Document Review
Upcoming SlideShare
Loading in...5
×
 

Document Review

on

  • 1,881 views

Getting, preparing & reviewing data under the new High Court Discovery Rules. Presentation by Guy Burgess at the "Managing eDiscovery in New Zealand" conference, 13 February 2013 in Auckland.

Getting, preparing & reviewing data under the new High Court Discovery Rules. Presentation by Guy Burgess at the "Managing eDiscovery in New Zealand" conference, 13 February 2013 in Auckland.

Statistics

Views

Total Views
1,881
Views on SlideShare
299
Embed Views
1,582

Actions

Likes
0
Downloads
1
Comments
0

6 Embeds 1,582

http://www.burgess.co.nz 1470
http://www.lawflow.co.nz 94
http://lawflow.co.nz 14
https://twitter.com 2
https://www.google.co.nz 1
http://translate.googleusercontent.com 1

Accessibility

Categories

Upload Details

Uploaded via as Microsoft PowerPoint

Usage Rights

© All Rights Reserved

Report content

Flagged as inappropriate Flag as inappropriate
Flag as inappropriate

Select your reason for flagging this presentation as inappropriate.

Cancel
  • Full Name Full Name Comment goes here.
    Are you sure you want to
    Your message goes here
    Processing…
Post Comment
Edit your comment

Document Review Document Review Presentation Transcript

  • Managing eDiscovery in New Zealand Conference February 13, 2013, Stamford Plaza, Auckland Document Review Getting, preparing & reviewing dataunder the New High Court Discovery Rules Guy Burgess, CEO – LawFlow http://www.lawflow.co.nz
  • A discovery anecdote…
  • Three stagesStage 1: Getting the DataStage 2: Preparing the DataStage 3: Reviewing the Data
  • Who decides what documents might be relevant?Considerations:1. Professional duties2. Scope of discovery under new rules3. Issues are often not clear4. Clients often have “one-sided” view5. Consequences of non-discovery6. Lawyers should be well placed to determine relevance.
  • Professional dutiesRule 8.13As soon as practicable after a party becomes bound to comply with a discovery order, the solicitor who acts for the party in the proceeding must take reasonable care to ensure that the party—(a)understands the partys obligations under the order; and(b)fulfils those obligations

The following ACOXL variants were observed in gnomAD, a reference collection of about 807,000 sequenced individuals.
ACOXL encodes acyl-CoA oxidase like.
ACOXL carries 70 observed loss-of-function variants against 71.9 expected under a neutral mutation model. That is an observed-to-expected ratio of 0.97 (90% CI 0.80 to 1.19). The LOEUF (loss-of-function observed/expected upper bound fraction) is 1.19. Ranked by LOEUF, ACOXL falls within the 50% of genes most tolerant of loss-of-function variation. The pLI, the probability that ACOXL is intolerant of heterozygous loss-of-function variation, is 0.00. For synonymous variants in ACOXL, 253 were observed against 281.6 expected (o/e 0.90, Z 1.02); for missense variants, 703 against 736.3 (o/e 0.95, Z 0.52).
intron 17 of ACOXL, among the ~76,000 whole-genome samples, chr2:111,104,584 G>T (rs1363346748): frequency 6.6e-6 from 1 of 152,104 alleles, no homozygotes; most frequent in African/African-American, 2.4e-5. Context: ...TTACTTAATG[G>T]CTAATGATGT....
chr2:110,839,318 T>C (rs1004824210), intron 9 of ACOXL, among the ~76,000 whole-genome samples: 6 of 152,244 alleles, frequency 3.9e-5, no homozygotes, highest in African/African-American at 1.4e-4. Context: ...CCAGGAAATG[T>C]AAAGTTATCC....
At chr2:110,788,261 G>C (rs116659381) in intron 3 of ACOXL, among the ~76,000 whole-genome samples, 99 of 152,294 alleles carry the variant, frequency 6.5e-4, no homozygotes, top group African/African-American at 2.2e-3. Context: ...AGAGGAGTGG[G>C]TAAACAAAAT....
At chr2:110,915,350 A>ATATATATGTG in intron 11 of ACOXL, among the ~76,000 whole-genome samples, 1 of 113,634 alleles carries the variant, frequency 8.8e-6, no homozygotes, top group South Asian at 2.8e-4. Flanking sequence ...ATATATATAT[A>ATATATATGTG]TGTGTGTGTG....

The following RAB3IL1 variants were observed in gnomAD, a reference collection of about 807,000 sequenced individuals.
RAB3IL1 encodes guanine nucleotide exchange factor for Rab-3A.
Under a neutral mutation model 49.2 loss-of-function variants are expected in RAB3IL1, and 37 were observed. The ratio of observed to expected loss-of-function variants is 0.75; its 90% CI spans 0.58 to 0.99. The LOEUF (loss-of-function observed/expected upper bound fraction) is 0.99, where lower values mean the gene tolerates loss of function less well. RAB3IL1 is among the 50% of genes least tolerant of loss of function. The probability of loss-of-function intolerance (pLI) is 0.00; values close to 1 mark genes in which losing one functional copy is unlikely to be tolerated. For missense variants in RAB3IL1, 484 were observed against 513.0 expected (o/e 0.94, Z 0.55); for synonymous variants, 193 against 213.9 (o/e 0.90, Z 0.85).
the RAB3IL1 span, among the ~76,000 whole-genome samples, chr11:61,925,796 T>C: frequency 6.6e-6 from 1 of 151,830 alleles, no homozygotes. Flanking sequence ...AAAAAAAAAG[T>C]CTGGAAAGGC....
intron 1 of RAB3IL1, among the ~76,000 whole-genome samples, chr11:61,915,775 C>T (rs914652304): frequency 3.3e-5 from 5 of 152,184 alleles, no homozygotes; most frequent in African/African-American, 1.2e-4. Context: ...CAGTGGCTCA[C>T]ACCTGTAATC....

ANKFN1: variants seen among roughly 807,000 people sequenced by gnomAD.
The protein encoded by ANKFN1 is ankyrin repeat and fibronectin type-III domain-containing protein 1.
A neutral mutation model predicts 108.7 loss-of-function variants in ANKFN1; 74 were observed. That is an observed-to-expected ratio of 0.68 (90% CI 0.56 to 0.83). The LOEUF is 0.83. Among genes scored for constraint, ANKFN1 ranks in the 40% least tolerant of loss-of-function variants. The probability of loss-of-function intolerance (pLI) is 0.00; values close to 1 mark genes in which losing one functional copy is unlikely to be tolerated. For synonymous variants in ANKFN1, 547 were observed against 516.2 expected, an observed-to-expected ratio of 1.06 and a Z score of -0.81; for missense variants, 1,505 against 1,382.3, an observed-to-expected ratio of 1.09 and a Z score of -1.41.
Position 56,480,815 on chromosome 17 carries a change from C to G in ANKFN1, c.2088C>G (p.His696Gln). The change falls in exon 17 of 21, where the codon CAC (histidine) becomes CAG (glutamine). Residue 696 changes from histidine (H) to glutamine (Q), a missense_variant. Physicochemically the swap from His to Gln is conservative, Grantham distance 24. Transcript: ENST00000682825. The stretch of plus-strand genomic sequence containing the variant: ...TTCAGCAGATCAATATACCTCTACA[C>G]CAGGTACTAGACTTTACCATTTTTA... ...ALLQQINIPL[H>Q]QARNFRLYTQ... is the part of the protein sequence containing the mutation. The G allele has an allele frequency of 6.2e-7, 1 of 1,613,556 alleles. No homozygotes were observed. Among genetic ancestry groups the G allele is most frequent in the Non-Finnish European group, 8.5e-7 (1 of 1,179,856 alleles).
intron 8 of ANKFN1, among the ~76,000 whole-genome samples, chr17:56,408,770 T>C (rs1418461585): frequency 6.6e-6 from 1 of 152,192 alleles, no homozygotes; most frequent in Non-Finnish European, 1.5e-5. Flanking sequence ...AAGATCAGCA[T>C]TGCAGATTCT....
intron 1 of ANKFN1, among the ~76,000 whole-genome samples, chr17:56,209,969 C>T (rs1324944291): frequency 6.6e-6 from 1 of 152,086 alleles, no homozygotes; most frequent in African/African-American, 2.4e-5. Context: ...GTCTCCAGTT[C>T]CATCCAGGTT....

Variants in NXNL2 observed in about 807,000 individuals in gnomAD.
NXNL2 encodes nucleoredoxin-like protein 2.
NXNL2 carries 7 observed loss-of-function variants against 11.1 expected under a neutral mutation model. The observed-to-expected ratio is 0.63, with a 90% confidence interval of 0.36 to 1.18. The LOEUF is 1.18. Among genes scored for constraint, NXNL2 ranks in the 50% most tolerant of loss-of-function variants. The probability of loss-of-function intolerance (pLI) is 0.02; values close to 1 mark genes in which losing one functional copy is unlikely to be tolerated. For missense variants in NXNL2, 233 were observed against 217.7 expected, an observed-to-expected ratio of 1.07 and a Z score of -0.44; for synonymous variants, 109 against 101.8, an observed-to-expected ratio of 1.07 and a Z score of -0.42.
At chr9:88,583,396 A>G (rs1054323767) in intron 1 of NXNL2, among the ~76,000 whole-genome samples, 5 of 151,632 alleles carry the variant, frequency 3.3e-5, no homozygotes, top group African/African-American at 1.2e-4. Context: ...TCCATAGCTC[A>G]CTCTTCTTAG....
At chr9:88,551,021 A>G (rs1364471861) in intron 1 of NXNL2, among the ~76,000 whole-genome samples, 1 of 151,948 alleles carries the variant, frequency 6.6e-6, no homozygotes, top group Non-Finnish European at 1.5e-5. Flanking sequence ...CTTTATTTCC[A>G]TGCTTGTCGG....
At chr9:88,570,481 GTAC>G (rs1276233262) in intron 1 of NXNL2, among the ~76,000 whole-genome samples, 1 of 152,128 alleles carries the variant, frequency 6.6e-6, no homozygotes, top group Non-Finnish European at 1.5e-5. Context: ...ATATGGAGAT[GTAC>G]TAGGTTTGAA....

• Issues are often unclear• Amendment of pleadings• Joinder• Interlocutories – strike out, etc• Documents received from other parties• Better understanding of strenghts and weaknesses, and where real issues lie.
  • Consequences of non- discoveryRule 8.31: A document that should have been included in a partys affidavit of documents may be produced in evidence at the hearing only with the consent of the other party or parties or the leave of the court.Rodgers v Rodgers (1988) 2 PRNZ 418, Tompkins J The object of this rule is, in my view, to impress upon parties and their advisers the importance of full and adequate discovery… The rule is a recognition of the fact that in the past, all too frequently, discovery has been done in an inadequate and very often careless way. So the rule emphasises the need for full detailed and complete discovery by providing that if a document is not discovered it shall not be admitted except by consent or leave of the Court. The object of this rule would be defeated if leave were granted as a matter of course.
  • What data to get?• Don’t leave it to the client• Gather data broadly• Take a Peruvian Guano approach to possible relevance• Filter that down to what gets discovered.
  • Stage 2: Preparing the dataStage 1: Getting the DataStage 2: Preparing the DataStage 3: Reviewing the Data
  • Stage 2: Preparing the data• Collect all documents – prefer electronic• Cull obvious cruft• OCR paper documents• Load all documents into the database
  • Full-text search is a must• Except for smallest projects, don’t even think about not having a searchable database.• Benefits outweigh costs
  • Load all documents• Loading tranches of documents can become difficult to manage• Leverage your litigation software
  • Stage 3: Reviewng the dataStage 1: Getting the DataStage 2: Preparing the DataStage 3: Reviewing the Data
  • The 3 critical checks1. Discoverability2. Privilege3. Confidentiality.
  • Partially relevant documents• Irrelevant parts of documents can be redacted: – G E Capital Corporate Finance Group Ltd v Bankers Trust Co [1995] 2 All ER 993• Commonsense way to deal with sensitive documents• Modern redaction tools make this an increasingly favoured approach.
  • Redacting documents• Redactions should be explicit & obvious• Must retain unredacted original• Redaction log• Make sure redactions are safe – beware #redactionfails
  • Privilege• “Discoverable with redactions” (DWR)• No obligation but can be sensible approach – Allows “safe” version of document in evidence – Can reduce prospect of challenges to privilege• Privilege must still be claimed• DWR-version listed on Part 1 or 3 of list.
  • Confidentiality• Parties have broad right to claim confidentiality: r 8.16• Impose conditions on inspection to preserve the confidentiality: r 8.15(2)(f) – Attorney’s eyes only – Specific undertakings• Opposing party has burden of challenging.
  • Confidentiality (2)• Use sparingly – Note r 8.30 – Can lead to pointless interlocutories• Is it better to simply provide redacted versions?
  • The 3 4 critical checks1. Discoverability2. Privilege3. Confidentiality4. Issue review
  • Issue review: 2 golden rules1. Immediately record if a document is relevant to an issue2. Just as importantly, record why the document is relevant to an issue.
  • Mining the data• Making the most of what you’ve got• Software is your friend :-)
  • Summary• Have a plan for getting, preparing and reviewing documents• Use technology & Rules to your advantage• Mine the data